- John Edwards 11
- Al Gore 10
- Kerry 8
The GOP side is a bit closer, at least at the top, with Giuliani holding a seven point lead over John McCain.
- Rudy Giuliani 34
- John McCain 27
- Mitt Romney 9
- Newt Gingrich 9
In one-on-one matchups, Clinton would beat Giuliani by two points and McCain by five, while Obama would top McCain by two but finds himself four points behind Giuliani.
OUR OWN LITTLE POLL
It's all in fun and there's no scientific validity to it, but I'm sure you've noticed our on-site preference poll. For the past two months we had a list of ten hopefuls. Here's how you voted over that period:
John Edwards 33%
Barack Obama 24%
Al Gore 22%
Rudy Giuliani 9%
Hillary Clinton 4%
John McCain 2%
Joe Biden 2%
Chuck Hagel 2%
Mitt Romney 0%
Condoleezza Rice 0%
We've updated our list a bit and started a new poll. We've dropped Rice and added Sam Brownback, Mike Huckabee, Newt Gingrich, Bill Richardson, Tom Vilsack and Dennis Kucinich. Take a look at cast a vote for the fun of it.
New Mexico Gov. Bill Richardson officially announced today he is forming an exploratory committee as a first step in his bid to win the Democratic presidential nomination in 2006.
20 January 2007
RICHARDSON TO FORM EXPLORATORY COMMITTEE
The Associated Press is reporting that Richardson will announce tomorrow that he has formed an exploratory committee, the first step toward becoming the first Hispanic president. Richardson is scheduled to appear on ABC's "This Week" tomorrow so you might expect an announcement then.
While Jackson appears to be ready to all-but-endorse Obama, The Los Angeles Times reports other black leaders have not been so quick to jump on board, with some looking toward John Edwards instead.
14 January 2007
Signs point to a Barack Obama announcement this week, and it appears that announcement will confirm he intends to run for president.
Politicalwire reports Obama is rumored to be preparing to declare his candidacy on Oprah Whinfrey's show this week.Ben Smith, one-time reporter and blogger for the (NY) Daily News and about to join a start-up online newspaper in Washington, is reporting on New York political blog Room Eight that Obama has been calling family, friends and likely large donors to tell them he's running.
The Associated Press reports Obama his hired policy, press and research staff for a presidential run.
The Chigaco Tribune today profiles Obama's inner circle.
And the Illinois Democrat has also begun running Web ads.
EDWARDS IN HARLEM THIS AFTERNOON
Another of the top contenders for the Democratic nomination, John Edwards, will take to the pulipt in Harlem this afternoon to discuss the Iraq war and his efforts to get Congress to block funding for President Bush's planned escalation of the war. He'll be speakking at the fabled Riverside Church, where 40 years ago Dr. Martin Luther King urged oppoosition to the Vietnam War.
Edwards has recorded a preview of his speech, and you can watch it live here at 4:00 pm.
WAR ESCALATION PLAN ALREADY REFLECTING ON '08 RACE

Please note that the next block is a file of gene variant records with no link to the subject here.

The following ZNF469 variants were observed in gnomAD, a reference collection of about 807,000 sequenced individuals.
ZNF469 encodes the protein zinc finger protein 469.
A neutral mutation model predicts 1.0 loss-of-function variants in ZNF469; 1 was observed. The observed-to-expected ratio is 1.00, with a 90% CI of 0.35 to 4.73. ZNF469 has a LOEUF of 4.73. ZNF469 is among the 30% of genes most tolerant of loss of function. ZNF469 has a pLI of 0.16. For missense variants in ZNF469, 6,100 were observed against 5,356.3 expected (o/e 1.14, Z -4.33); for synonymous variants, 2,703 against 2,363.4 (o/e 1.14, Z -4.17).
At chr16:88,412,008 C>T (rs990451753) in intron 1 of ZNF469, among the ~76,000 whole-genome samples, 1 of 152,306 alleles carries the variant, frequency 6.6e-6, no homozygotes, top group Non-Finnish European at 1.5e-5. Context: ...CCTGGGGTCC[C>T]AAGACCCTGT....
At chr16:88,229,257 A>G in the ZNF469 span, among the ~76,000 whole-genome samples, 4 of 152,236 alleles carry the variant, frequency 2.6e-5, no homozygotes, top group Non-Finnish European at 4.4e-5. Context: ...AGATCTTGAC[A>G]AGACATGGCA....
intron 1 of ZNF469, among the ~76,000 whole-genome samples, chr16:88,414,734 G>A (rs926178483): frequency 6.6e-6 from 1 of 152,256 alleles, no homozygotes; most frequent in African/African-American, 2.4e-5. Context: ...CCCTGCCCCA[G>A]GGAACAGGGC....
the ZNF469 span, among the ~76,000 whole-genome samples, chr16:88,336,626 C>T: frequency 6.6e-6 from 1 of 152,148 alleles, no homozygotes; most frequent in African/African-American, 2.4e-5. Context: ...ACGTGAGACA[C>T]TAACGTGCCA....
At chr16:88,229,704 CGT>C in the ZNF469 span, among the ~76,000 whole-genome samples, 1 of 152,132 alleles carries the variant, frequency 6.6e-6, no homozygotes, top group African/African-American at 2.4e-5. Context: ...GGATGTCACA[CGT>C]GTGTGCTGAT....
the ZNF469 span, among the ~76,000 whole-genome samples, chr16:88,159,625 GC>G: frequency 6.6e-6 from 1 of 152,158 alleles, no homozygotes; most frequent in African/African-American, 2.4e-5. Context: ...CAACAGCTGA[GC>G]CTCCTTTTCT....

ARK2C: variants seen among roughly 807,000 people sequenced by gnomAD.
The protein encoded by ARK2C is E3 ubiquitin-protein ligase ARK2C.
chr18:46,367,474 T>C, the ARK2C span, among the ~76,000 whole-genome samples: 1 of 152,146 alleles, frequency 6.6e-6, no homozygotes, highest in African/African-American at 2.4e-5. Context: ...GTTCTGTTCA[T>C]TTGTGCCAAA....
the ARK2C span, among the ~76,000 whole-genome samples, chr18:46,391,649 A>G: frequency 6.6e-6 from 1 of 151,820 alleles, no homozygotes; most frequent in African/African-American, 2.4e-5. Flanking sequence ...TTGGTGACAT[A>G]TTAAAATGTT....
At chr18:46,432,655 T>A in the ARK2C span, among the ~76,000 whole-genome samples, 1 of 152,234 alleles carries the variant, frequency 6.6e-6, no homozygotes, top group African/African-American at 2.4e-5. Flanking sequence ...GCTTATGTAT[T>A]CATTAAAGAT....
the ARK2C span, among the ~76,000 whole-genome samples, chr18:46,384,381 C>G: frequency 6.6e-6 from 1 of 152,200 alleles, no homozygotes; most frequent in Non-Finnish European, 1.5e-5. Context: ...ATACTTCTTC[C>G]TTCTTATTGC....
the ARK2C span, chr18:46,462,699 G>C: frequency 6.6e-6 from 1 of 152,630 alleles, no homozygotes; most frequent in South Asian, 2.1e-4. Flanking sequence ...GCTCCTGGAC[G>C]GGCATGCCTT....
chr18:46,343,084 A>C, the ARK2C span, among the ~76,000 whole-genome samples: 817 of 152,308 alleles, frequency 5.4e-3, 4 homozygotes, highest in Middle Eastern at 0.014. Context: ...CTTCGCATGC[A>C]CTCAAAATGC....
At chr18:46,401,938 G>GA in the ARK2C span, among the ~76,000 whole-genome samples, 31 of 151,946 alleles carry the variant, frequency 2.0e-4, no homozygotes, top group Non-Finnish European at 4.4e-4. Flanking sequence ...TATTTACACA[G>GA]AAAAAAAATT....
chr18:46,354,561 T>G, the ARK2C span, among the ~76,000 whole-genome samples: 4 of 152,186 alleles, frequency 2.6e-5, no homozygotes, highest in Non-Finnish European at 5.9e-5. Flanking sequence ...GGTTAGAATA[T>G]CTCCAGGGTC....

The New York Times has a good wrap-up today on where there major presidential candidates of both parties stand on Bush's escalation plan. The story theorizes that Republican John McCain and Democrat Hillary Clinton have taken the most politically precarious positions.
12 January 2007
11 January 2007
(Updating with other candidates' reaction to Bush plan and new AP-IPSOS poll)
Count Democratic presidential hopeful John Edwards among those who see little merit in President Bush's plan to escalate troop deployment in Iraq - also known by Tony Snow and the mainstream media parrots as a troop "surge."
Edwards has sent out an mass e-mail to supporters asking them to sign a petition to get Congress to refuse to provide funding for the troop increase.
"The situation in Iraq demands a political solution -- not an escalation of the war that our generals agree won't help," Edwards said the letter to supporters. "Escalating the war in Iraq sends the wrong message to the Iraqi people, to the region, and the world."
Taegen Goddard's Political Wire has a nice quick summary of the various 2008 presidential hopefuls and where they stand on Bush's escalation of the war.
All the Democrats are opposed and Tom Vilsack has called on Congress to block the extra funding needed to support the troop increase.
All the Republican hopefuls support Bush plan except for Sen. Sam Brownback of Kansas.
Hotline On Call had a more comprehensive, some would say exhuastive, recap of the various candidates' comments:
Sen. Barack Obama: "I am not persuaded that 20,000 additional troops in Iraq is going to solve the sectarian violence there. In fact, I think it will do the reverse: I think it takes pressure off the Iraqis to arrive at the sort of political accommodation that every observer believes is the ultimate solution to the problems we face there" (MSNBC, 1/10.
Tom Vilsack: "It's obvious that the president has only been listening to advisers that agree with him. And I strongly disagree with folks who say this is a change of strategy, this is a new strategy. This is simply the same old strategy with just 20,000 more lives at risk" (Hannity & Colmes, FOX 1/10)
John Edwards: "What's happened is that the trust in the president has eroded. And America has to feel in their gut that whether he's right or wrong the president's telling the truth. And instead of all of the statistics and information that he had in his speech, he should have said, 'The situation is very bad in Iraq right now. We're doing the best we can with a difficult situation." (CNN, 1/10)
Sen. John McCain: "I've been calling for the increases, but I believe that this can succeed. I really do. I believe that it's not just an increase in troops: it's a change in strategy" (FOX, 1/10)